Named after William Cubitt, lord mayor of London 1860-61, Cubitt Town is a district on the Isle of Dogs. It was William Cubitt who was responsible for the development of the housing and amenities in the area in the 1840s and 1850s. The majority of this was for workers employed at the docks. Amenities today are the Mudchute Park and Farm which has an equestrian centre, café and of course, the farm itself. Perfect for relaxing. If you like to travel further afield, there is the Greenwich Foot Tunnel, which allows you to walk under the Thames and gives access to attractions such as the Cutty...
Area Guide
Tower Hamlets
Canary Wharf
Docklands as a broad term encompasses parts of the London Boroughs of Greenwich, Newham, Southwark and Tower Hamlets. The docks are: St Katherine’s Dock London Docks Regent’s Canal Dock (now Limehouse Basin) Surrey Commercial Docks (now Surrey Quays) West India, Millwall and Poplar Dock (Isle of Dogs) East India Docks Royal Docks These docks have been pivotal in shaping London, England, Britain and the World’s history. Since Roman times, London had been using the River Thames to trade. As the settlement grew and more and more ships came to unload goods onto the banks of the Thames, there...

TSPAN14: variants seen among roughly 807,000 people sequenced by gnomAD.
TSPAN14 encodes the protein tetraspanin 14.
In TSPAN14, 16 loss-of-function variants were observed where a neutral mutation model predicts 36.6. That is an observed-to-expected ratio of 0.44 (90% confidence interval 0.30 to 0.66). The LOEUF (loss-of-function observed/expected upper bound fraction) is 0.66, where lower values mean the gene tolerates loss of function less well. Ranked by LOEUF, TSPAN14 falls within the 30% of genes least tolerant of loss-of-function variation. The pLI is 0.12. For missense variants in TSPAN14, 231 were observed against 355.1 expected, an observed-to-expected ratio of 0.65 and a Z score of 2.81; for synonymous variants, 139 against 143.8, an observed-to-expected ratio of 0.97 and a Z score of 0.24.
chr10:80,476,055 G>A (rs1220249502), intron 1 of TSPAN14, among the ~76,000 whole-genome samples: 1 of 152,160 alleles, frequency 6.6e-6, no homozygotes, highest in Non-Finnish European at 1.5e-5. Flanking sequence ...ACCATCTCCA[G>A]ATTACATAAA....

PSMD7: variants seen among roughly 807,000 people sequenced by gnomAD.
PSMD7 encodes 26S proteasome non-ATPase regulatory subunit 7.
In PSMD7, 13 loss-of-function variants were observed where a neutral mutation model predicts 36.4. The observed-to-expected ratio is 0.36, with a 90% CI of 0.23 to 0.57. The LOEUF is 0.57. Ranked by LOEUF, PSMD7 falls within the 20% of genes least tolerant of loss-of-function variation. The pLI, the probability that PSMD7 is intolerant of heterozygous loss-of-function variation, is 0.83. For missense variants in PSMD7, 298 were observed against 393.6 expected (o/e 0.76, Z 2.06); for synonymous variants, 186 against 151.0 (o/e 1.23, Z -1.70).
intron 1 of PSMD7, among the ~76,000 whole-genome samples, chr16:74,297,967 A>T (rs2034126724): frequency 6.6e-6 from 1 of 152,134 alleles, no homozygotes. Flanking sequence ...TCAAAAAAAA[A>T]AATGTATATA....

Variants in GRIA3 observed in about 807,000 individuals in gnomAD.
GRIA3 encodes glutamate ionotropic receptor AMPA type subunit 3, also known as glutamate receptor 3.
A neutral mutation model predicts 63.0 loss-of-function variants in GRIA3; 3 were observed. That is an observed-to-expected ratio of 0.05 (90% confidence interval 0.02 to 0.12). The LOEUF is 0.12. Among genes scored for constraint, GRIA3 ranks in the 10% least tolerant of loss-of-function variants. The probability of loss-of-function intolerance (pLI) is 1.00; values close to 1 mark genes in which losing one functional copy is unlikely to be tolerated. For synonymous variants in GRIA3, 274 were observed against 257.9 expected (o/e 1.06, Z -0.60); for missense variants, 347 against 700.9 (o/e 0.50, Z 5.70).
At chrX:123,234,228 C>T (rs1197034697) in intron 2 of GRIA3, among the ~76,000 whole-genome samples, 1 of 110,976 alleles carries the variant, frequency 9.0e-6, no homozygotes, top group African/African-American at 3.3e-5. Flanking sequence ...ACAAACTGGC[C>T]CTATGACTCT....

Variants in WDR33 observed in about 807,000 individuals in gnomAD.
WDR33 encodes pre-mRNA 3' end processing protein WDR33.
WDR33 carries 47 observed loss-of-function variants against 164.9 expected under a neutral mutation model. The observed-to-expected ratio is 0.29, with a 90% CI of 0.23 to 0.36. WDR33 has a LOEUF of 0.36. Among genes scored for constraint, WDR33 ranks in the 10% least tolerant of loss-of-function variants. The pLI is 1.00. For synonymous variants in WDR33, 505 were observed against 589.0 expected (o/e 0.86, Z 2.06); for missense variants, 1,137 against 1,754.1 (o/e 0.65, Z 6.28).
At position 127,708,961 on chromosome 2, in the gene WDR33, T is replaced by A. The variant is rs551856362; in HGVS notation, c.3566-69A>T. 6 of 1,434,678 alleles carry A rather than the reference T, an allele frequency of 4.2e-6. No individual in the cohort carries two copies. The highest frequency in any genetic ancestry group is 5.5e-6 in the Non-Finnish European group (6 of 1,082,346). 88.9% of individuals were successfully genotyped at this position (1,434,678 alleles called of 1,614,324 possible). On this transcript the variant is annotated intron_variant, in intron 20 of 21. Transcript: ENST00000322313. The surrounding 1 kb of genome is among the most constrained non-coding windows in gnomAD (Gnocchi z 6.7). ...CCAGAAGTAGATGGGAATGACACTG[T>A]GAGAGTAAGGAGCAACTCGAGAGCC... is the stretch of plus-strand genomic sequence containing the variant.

Area Guide
Tower Hamlets
Canary Wharf
Set in the east of Bethnal Green, Globe Town was established in 1800 to provide for the growing amount of weavers living in Bethnal Green. For more information, see Bethnal Green.
Area Guide
Tower Hamlets
National Maritime Museum